- Extending the auxiliary, truck-climbing lane that starts at Avila Beach either to the Shell Beach Road exit or beyond. That way, motorists traveling to Shell Beach or Pismo Beach — or those who simply want to get off the freeway for a few minutes to gawk at the ocean — could stay in the auxiliary lane all the way to the exit, instead of having to merge back into traffic.
- Adding a “managed lane” that would be open only during rush hour. While there are no such lanes in California, other states use them, as well as some European nations.
The concept of the managed lane is simple enough: Allow the shoulder of the highway to be used as a traffic lane at the busiest times of the day.
In practice, though, it’s not that easy: The shoulder has to be wide enough to accommodate traffic, which is an issue along the Shell Beach Straits. And the subsurface roadbed has to be able to stand up to increased traffic.
Those issues are being studied now; Caltrans is looking at both sides of the southbound highway to see which might better accommodate a managed lane. On the east side, “the Pismo Rock is a pretty serious impediment,” said Newland. And on the west side, there’s the frontage road to worry about.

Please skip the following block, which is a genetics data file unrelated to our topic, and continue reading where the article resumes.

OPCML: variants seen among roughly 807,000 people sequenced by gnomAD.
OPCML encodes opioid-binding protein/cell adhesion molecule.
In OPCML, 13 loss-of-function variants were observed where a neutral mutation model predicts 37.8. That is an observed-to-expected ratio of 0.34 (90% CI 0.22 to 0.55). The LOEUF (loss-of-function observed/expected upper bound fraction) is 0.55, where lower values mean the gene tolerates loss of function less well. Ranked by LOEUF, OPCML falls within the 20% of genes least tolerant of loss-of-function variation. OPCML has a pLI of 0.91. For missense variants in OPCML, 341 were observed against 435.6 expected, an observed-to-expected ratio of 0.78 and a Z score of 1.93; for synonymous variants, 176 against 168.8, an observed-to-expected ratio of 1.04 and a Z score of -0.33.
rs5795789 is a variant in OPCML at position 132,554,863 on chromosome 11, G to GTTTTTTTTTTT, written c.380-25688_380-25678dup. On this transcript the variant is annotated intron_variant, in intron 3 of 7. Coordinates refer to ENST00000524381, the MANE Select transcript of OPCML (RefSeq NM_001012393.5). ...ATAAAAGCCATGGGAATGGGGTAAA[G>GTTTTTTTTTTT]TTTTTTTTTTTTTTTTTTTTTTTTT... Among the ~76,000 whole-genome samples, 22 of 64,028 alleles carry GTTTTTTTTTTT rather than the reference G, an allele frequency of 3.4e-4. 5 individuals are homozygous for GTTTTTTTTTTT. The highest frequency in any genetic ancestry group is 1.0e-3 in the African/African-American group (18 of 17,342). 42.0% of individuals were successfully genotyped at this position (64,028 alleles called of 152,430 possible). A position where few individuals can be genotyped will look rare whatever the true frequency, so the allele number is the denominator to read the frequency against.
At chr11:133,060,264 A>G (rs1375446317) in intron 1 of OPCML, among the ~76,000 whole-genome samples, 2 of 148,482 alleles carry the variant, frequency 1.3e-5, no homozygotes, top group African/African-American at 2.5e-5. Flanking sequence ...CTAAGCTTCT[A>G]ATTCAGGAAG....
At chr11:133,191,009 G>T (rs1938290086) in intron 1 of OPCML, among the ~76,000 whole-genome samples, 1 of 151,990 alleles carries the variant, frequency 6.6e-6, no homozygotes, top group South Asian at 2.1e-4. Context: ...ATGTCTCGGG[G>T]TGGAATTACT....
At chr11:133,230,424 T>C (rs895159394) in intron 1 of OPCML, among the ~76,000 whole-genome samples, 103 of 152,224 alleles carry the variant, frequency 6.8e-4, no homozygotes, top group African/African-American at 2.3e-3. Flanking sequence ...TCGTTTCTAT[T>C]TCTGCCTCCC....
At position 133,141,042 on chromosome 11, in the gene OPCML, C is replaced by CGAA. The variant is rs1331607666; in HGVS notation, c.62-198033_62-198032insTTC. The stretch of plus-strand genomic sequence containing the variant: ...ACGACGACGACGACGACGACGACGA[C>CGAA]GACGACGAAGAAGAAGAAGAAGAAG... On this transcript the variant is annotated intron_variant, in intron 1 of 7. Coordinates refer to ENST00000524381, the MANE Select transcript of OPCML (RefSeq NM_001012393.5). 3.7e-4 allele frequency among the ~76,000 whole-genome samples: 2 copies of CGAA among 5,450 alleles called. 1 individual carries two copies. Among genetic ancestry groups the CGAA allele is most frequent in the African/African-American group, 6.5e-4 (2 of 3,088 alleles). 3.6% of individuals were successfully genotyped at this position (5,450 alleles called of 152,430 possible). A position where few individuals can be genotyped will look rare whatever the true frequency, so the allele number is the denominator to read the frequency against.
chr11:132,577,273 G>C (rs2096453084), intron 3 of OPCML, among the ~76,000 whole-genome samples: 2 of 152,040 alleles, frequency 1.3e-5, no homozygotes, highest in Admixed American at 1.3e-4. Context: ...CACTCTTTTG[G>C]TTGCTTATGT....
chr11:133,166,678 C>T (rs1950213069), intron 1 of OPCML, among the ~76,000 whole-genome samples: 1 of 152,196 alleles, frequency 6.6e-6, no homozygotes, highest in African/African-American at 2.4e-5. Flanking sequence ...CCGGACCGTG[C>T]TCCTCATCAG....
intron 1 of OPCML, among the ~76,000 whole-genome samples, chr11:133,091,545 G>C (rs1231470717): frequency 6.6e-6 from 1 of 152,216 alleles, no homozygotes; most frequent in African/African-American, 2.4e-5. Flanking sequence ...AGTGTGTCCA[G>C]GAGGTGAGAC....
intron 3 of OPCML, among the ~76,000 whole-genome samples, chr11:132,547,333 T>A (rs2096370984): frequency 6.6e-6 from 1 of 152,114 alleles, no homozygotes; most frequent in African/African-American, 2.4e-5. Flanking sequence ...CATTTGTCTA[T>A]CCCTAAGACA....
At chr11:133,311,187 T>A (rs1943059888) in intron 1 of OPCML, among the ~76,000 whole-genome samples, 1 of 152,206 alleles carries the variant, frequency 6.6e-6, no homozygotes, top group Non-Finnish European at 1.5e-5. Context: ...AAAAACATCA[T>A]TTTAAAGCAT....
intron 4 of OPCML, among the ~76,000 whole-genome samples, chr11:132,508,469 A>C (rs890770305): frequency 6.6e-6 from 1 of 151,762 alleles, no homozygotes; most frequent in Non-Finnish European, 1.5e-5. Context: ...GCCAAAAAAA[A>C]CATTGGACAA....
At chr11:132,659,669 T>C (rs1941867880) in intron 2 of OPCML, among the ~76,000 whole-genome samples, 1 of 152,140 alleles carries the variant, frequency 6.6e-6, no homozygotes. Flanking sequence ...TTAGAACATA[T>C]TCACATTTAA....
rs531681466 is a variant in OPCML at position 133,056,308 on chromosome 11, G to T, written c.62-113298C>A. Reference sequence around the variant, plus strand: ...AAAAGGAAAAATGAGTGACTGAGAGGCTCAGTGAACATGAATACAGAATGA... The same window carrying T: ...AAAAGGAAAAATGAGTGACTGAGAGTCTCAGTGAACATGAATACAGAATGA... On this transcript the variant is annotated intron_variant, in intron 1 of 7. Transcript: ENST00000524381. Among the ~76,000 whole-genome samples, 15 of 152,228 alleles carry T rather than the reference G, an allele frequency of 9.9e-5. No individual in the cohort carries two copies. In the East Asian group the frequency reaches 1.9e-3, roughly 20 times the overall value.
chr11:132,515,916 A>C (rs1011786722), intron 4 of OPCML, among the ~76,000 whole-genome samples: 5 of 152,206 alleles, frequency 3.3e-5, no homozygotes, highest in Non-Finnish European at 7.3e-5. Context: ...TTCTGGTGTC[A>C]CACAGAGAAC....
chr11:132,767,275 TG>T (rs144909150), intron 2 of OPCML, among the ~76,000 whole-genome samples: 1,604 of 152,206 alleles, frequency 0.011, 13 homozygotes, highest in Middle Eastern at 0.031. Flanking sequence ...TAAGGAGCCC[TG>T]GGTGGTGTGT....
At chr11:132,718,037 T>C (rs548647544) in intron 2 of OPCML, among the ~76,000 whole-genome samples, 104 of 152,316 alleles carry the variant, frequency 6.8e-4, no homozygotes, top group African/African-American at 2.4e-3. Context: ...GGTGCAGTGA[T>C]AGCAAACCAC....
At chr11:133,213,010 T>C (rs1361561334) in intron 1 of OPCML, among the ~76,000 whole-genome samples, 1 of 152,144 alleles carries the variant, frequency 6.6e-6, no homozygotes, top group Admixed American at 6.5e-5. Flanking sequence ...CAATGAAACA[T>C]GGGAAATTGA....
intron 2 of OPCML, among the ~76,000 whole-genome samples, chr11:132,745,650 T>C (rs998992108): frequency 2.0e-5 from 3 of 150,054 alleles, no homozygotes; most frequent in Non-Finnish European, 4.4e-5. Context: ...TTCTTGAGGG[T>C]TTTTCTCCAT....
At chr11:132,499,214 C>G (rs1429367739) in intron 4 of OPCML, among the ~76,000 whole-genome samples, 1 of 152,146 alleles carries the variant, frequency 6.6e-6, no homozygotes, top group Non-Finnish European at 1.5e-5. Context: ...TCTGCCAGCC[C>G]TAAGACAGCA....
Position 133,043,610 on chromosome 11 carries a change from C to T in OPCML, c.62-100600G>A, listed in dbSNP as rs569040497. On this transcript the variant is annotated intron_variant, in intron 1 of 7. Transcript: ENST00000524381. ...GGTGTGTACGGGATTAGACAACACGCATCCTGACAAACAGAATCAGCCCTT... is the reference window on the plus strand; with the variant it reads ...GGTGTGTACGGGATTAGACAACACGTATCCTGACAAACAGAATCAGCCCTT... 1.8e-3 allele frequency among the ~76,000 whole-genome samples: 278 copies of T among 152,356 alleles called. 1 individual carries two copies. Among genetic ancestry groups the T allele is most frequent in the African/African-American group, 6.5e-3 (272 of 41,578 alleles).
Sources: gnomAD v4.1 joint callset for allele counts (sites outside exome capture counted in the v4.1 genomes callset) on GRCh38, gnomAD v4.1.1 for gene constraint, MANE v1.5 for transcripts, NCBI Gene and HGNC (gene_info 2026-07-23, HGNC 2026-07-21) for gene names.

Another issue: How do you keep drivers from using the lane during nonrush hour?
Enforcement could be the key there, just as it is with carpool lanes. Ticket enough people using the managed lane illegally, and with the cost of fines being what they are, word should get out.
Newland pointed out that while the idea of a managed lane may seem strange, there was a time when roundabouts were regarded with even more skepticism. Twenty years ago, “you would get laughed out of the room” for suggesting a roundabout, he recalled, adding that now they’re commonplace.